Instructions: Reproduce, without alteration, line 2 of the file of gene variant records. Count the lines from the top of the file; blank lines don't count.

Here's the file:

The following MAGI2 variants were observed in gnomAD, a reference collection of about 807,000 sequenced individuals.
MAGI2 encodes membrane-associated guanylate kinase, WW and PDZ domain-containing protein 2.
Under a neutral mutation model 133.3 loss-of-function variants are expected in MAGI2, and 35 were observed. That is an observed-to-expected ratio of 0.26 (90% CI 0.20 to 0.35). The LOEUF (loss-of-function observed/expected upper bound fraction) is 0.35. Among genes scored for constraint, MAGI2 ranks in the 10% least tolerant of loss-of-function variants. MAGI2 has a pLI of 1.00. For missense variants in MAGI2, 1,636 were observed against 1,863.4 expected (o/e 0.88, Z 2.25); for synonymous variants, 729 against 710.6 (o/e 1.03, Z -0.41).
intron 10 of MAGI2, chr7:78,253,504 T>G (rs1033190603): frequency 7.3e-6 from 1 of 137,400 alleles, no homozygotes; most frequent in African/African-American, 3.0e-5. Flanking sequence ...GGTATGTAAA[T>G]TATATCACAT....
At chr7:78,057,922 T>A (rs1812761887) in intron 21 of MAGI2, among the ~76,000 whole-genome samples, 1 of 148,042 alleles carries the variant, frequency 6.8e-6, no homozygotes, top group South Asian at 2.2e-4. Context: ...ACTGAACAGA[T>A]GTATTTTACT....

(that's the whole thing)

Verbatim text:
MAGI2 encodes membrane-associated guanylate kinase, WW and PDZ domain-containing protein 2.